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Satz, Ronald N. / Transactions of the Wisconsin Academy of Sciences, Arts and Letters
volume 79, No. 1

Appendix 5: Treaty Commissioner Henry C. Gilbert's explanation of the treaty concluded in 1854 with the assistance of David B. Herriman,   pp. 177-179 ff. PDF (960.7 KB)


Page 177


Appendix 5
Treaty Commissioner Henry C. Gilbert's Explanation of the Treaty
   Concluded in 1854 with the Assistance of David B. Herriman
                                               Office Michigan Indian Agency
                                                    Detroit October 17th.
1854
Sir
  I transmit herewith a treaty concluded at LaPointe on the 301h Ultimo between
Mr. Herriman and myself as Commissioners on the part of the United States
and
the Chippewas of Lake Superior and the Mississippi.
  On receiving your letters of August 10th, 121h, and 14th, relative to this
treaty, I
immediately dispatched a special messenger from this place by way of Chicago,
Galena and St. Paul to Mr. Herriman at the Crow wing Chippewa Agency trans-
mitting to him your letter requesting him to meet me at LaPointe with the
Chiefs
and Headmen of his Agency at as early a day as possible. I adopted this course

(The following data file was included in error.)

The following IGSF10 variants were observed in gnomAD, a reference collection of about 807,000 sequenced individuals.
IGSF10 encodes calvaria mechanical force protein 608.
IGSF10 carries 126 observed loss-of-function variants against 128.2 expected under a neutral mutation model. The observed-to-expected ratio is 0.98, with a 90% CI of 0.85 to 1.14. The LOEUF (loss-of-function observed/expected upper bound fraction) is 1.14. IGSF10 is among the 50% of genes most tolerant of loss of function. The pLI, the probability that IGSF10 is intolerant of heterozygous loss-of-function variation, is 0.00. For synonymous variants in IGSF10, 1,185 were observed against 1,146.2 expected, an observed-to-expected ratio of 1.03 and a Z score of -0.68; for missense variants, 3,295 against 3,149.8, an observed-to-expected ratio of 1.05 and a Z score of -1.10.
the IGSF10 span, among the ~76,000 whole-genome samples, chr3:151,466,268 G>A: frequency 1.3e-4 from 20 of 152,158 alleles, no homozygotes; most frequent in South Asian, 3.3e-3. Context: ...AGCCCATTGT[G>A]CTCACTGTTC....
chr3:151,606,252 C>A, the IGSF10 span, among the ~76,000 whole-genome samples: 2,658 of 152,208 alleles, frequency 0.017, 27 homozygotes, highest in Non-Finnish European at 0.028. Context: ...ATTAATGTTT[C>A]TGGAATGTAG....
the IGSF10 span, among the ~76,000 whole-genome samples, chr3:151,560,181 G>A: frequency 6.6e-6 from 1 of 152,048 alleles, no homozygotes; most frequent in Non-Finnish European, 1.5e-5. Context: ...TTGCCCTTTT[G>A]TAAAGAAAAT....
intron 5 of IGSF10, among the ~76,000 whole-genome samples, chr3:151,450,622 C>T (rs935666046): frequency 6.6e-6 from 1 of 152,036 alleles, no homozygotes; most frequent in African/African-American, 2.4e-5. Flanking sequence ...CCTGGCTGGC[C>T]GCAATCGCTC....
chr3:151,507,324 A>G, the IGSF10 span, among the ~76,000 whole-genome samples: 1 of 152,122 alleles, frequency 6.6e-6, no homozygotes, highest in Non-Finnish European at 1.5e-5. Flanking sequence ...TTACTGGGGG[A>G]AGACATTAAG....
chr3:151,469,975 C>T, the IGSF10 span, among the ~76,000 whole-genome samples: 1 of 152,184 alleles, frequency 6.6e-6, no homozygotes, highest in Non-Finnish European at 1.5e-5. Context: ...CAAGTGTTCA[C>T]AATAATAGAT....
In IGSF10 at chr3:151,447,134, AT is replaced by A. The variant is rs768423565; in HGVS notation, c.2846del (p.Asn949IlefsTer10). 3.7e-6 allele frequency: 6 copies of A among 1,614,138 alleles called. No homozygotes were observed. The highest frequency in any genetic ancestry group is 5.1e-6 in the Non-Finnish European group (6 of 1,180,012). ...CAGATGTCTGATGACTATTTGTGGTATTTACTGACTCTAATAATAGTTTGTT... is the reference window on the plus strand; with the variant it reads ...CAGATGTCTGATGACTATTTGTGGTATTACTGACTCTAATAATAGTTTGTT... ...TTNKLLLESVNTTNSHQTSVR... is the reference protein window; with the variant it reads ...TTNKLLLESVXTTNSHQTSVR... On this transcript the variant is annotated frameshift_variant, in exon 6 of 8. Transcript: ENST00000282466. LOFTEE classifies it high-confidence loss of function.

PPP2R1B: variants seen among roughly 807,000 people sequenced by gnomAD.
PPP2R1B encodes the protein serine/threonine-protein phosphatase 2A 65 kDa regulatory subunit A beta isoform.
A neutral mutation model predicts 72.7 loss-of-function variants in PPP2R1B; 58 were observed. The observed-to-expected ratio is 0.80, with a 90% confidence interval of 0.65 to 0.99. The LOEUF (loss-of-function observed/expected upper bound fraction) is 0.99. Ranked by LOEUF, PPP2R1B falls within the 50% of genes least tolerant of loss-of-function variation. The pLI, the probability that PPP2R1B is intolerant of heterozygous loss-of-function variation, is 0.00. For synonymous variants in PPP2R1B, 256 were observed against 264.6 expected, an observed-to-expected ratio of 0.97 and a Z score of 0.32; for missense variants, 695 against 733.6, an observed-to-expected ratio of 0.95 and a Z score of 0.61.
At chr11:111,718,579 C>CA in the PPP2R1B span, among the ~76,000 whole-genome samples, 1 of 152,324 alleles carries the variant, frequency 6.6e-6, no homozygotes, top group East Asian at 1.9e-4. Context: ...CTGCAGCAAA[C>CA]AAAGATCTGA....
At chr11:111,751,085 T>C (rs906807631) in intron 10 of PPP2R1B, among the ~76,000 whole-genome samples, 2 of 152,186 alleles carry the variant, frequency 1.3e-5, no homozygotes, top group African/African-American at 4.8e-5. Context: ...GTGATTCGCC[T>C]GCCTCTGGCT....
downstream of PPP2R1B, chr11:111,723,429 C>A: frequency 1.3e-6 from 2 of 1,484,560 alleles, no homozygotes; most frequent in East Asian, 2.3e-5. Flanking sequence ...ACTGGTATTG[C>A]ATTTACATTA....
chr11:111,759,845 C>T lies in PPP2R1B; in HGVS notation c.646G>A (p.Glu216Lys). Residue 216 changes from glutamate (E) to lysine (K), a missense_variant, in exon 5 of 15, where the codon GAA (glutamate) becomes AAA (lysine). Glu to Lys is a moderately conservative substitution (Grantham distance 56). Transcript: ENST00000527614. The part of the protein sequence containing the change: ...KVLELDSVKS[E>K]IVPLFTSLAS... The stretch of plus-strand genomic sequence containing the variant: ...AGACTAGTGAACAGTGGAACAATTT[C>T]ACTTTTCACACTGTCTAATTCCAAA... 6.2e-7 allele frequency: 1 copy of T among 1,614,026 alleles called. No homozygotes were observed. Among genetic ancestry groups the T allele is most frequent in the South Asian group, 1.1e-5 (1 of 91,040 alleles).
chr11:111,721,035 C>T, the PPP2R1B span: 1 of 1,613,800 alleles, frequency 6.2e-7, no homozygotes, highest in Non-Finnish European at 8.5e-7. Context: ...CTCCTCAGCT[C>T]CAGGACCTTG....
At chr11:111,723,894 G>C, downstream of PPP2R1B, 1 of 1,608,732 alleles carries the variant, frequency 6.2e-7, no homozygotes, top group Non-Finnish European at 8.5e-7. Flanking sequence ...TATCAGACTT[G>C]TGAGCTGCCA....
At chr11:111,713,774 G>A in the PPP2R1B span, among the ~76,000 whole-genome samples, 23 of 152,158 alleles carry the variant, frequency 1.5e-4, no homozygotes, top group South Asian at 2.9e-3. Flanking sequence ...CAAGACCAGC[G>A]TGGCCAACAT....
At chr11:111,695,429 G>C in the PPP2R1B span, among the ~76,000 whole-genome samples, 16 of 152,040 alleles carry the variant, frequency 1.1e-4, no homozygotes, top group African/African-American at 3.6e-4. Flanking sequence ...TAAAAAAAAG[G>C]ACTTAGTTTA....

in
preference to sending a messenger from La Pointe on my arrival there for
the
purpose of saving time and I was thus enabled to secure the attendance of
Mr
Herriman and the Mississippi Chiefs some 10 or 12 days earlier than I could
otherwise have done.
  I left for LaPointe on the 26th. of August last and arrived there the 1st.
day of
September - Mr Herriman meeting me there the 14'h. of the same Month.
  By this time a large number of Indians had assembled -including not only
those entitled to payment but all those from the Interior who live about
Lakes de
Flambeau and Lake Courteilles. The Chiefs who were notified to attend brought
with them in every instance their entire bands. We made a careful estimate
of the
number present {0135} and found that there were about 4.000. They all had
to be
fed and taken care of, thus adding greatly to the expenses attending the
negotiations.
  A great number of traders and claim agents were also present as well as
some
persons from St. Paul's who I had reason to believe attended for the purpose
of
preventing if possible the consummation of the treaty. The utmost precautions
were
taken by me to prevent a knowledge of the fact that negotiations were to
take place
from becoming public. The Messenger sent by me to Mr Herriman was not only
trust worthy but was himself totally ignorant of the purport of the dispatches
to
Major Herriman. Information however of the fact was communicated from some
source and the persons present in consequence greatly embarrassed our proceedings.
  After Major Herriman's arrival we soon found that the Mississippi Indians
could
not be induced to sell their land on any terms. Much jealousy and ill feeling
existed
between them and the Lake Superior Indians and they could not even be prevailed
upon to meet each other in council. They were all however anxious that a
division
should be made of the payments to become due under former existing treaties
and
a specific apportionment made betweeen the Mississippi and the Lake Superior
Indians and places of payment designated.
177


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